The sky is the limit for acclaimed Greek automotive engineer Spyros Panopoulos, who not only aspires to launch the first 100% Greek supercar, but also to introduce to the world a whole new category of high-performance vehicle, called the “Ultra Car.”
After studying computer programming and the development of applied solutions, and having tuning and racing experience from a very young age, Panopoulos now runs an Athens-based company that specializes in the design and production of high-specification performance parts with cutting-edge internal combustion engine technology.
The technologies, designs and innovations he has developed are widely used by frontline car manufacturers as well as by the military. This success has spurred him on to make the decision to channel his accumulated know-how and experience into an original car manufacturing project, closely tied to his love for his country and its people.
“Since we have manufactured many performance car parts for a diversity of production cars, such as Lamborghinis and McLarens, we came up with the idea to create our own designed and produced car which will have all these parts, and will be a vehicle completed by us in its entirety,” Panopoulos tells Greek Reporter.
“There have been many failures behind our successes, as we strived to find what works best. Because we manufacture all our car parts ourselves, the way to make them is of utmost importance for the outcome. It takes so much time to reach the end result every time, as all our efforts, all these years, were purely our own, based on our own research and with our own machinery, to get this far.”
The first original model that Panopoulos plans to bring to life is named after the ancient Greek word chaos, which signifies a pre-cosmogony abyss. Thanks to its never-before-seen horsepower of 3000 and other breakthrough specifications and features, it will be a game-changer for the international automotive scene — something beyond even a hypercar.
“‘Chaos’ is not a racing car; it is a city car, a car for everyday, only with more sophisticated performance. We want it to be suitable for the everyday commute and for all categories of drivers, as it will be easy to configure for use anywhere between 500 and 3000 horses,” he explains.
With its exterior and engineering already finalized, the “Chaos” is now having its salon interiors manufactured, with the aim to make it to the prestigious Geneva International Motor Show in 2021. Panopoulos says “We want it to be entirely ready when presented, without the slightest failing, and we are confident that this can be achieved. We also hope to take it for some testing before going to the Show, and we hope that we will manage in time.”
Up until now, the entire project has been self-financed by Panopoulos, but he reveals that he is in negotiations for a bank loan to help him set up the colossal infrastructure required for a production unit. Although he has received financing offers from abroad, he continues to declare his commitment to keep the project fully deployed in Greece.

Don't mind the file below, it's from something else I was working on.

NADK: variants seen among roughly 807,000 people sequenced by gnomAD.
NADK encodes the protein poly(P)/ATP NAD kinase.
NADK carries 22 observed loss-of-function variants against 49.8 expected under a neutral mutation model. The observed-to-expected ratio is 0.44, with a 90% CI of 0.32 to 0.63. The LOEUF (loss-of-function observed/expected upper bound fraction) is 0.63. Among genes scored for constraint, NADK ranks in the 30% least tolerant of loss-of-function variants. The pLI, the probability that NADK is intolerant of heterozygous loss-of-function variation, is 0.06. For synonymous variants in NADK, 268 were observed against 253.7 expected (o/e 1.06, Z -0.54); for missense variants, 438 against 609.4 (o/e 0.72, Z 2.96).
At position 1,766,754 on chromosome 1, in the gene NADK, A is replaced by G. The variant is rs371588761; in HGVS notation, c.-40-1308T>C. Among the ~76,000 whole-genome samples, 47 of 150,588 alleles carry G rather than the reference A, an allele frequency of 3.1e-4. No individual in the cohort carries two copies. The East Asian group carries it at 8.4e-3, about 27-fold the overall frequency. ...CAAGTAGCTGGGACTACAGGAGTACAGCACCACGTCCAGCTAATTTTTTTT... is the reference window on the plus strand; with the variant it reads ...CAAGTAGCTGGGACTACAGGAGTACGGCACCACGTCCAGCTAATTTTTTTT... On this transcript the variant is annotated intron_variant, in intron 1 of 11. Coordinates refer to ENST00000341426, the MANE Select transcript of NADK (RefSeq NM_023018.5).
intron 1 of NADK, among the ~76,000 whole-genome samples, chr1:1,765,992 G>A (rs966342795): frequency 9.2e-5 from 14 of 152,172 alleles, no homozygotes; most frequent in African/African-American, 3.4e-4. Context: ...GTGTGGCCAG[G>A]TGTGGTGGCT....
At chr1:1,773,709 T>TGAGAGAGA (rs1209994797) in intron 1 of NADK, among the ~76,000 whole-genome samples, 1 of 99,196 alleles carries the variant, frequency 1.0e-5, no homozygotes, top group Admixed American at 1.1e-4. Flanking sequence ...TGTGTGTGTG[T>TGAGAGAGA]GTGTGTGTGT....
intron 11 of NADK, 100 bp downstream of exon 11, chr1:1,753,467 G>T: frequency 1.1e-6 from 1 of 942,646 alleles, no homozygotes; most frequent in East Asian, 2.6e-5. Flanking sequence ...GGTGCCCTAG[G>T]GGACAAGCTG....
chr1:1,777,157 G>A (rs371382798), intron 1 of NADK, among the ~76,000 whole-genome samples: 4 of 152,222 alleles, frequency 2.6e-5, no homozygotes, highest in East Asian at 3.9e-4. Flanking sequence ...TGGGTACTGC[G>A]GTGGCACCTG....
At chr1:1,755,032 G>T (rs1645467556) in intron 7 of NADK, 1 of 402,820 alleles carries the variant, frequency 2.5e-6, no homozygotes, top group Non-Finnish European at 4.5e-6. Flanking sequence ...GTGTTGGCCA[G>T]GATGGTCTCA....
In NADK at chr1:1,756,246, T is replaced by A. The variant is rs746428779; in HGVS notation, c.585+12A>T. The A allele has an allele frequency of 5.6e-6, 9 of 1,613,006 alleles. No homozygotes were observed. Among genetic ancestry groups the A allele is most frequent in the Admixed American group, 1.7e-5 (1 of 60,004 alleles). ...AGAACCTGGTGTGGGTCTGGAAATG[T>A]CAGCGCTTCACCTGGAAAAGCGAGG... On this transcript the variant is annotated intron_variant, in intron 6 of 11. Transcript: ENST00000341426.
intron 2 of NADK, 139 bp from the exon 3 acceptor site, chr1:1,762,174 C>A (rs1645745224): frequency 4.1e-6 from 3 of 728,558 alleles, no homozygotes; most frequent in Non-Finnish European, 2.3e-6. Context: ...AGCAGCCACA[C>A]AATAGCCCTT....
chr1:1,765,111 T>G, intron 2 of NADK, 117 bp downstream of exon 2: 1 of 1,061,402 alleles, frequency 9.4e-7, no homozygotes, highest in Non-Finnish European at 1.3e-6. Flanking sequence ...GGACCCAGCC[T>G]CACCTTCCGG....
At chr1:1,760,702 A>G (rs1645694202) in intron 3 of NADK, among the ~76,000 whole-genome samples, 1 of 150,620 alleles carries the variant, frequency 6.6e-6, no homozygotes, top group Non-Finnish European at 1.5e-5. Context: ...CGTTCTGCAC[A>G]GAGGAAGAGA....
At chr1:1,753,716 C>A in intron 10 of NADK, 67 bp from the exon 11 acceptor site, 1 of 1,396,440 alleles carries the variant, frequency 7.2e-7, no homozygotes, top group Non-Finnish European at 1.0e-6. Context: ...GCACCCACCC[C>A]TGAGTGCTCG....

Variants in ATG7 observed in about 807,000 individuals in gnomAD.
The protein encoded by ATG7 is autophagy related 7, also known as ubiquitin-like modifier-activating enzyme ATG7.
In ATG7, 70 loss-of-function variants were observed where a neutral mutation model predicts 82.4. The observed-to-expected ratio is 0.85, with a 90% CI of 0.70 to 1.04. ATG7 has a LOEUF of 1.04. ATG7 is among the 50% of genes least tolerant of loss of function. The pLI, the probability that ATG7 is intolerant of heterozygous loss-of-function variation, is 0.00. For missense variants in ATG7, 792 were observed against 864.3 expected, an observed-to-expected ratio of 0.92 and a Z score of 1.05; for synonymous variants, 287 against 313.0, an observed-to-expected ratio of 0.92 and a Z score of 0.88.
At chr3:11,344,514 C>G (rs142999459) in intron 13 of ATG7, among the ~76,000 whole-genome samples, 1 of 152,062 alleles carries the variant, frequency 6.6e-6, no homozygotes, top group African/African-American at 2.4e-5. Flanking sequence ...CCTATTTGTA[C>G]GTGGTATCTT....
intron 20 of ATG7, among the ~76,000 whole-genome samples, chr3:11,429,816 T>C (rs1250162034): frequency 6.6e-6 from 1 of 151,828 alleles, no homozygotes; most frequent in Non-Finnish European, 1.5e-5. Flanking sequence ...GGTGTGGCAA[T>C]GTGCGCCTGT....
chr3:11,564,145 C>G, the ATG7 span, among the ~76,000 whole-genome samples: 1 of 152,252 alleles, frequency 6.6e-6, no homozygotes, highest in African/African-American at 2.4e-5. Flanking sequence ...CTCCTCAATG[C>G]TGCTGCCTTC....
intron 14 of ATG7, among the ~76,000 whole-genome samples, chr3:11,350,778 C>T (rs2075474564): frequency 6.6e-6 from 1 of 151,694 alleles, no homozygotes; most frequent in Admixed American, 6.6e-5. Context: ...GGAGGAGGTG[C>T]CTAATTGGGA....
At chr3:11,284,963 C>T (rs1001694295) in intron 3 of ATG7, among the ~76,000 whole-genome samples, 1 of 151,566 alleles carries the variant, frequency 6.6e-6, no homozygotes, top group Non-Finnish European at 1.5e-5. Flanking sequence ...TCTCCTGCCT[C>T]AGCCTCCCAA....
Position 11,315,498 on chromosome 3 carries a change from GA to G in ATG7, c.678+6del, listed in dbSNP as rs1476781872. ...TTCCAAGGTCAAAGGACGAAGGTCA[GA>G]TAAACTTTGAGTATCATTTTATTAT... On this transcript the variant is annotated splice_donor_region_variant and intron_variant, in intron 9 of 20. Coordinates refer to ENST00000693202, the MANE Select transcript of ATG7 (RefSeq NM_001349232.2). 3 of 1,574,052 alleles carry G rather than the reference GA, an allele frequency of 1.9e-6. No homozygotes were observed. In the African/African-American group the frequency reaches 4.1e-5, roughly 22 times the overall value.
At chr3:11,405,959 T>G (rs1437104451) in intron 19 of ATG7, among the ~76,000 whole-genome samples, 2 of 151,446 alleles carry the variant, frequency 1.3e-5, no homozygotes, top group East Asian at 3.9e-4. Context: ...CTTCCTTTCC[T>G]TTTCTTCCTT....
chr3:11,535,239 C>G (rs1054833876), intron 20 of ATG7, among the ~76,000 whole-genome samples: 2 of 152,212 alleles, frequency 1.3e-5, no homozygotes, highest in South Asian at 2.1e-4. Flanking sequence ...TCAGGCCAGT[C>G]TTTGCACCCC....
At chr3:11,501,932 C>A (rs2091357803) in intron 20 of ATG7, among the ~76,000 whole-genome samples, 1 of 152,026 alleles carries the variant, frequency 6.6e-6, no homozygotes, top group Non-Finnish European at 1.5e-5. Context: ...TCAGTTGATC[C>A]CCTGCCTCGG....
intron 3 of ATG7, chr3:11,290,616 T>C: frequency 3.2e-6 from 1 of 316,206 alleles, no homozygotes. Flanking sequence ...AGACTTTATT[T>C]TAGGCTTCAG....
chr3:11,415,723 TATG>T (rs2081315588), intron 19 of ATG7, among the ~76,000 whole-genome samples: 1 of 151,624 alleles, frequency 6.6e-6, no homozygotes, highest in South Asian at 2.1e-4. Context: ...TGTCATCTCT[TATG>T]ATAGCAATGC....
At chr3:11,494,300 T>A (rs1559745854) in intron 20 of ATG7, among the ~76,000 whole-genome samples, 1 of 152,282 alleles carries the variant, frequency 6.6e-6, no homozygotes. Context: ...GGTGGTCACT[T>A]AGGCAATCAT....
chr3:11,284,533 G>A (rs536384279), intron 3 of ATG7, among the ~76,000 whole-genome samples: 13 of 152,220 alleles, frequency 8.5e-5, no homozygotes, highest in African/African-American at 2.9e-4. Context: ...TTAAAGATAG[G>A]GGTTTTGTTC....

“My love for Greece plays a very important role in this project. As a country, it has very smart and capable people, and if the system allows them to surface, I believe that we (Greeks) will pioneer in anything we do, like so many times before. There is always a Greek behind breakthrough technologies, innovation or special applications,” he notes.
The company currently employs 22 staff, nine of whom work tirelessly on Chaos. But Panopoulos’s ambition is to create between two and three hundred job openings when production begins, which will allow him to offer work to other top Greek automotive experts who are currently working abroad.
“Through my work, I try to employ as many expat Greeks as possible. Many of those working in the industry for renowned companies have sent me their CVs, and I know many of them very well. As our company grows, there will be more of them coming back home.
“I also want to offer new automotive grads a motive to stay in Greece. The majority of those young people want to leave abroad after graduation, especially to the UK, where they get specialized training and usually get hired by foreign brands. Why not do that in their home country?” he asks.
“We are looking to acquire a production unit and reconstruct it from scratch, so that we can make more types of cars. Within 2021, we aim to create some other city cars too, small electric cars which will be easily accessible to everyone.”
For now, he is looking forward to the moment when the Chaos will become available for testing abroad and have its first reviews published in foreign media. “From that moment on, when they talk supercars or hypercars they will refer to Greece, because I believe that this will be the best car that exists in this category,” Panopoulos says confidently.
Speculating on the future of cars, the designer believes that gas-powered vehicles will not disappear, but rather they will be, in part, replaced by electromobility “until people realize that the latter is more polluting, in its manufacturing, than a new-technology internal combustion engine.”
“At some point, cars will be hybrid with direct-injection internal combustion engines, near-zero emissions and zero carbons, matched with electromobility,” Panopoulos concludes.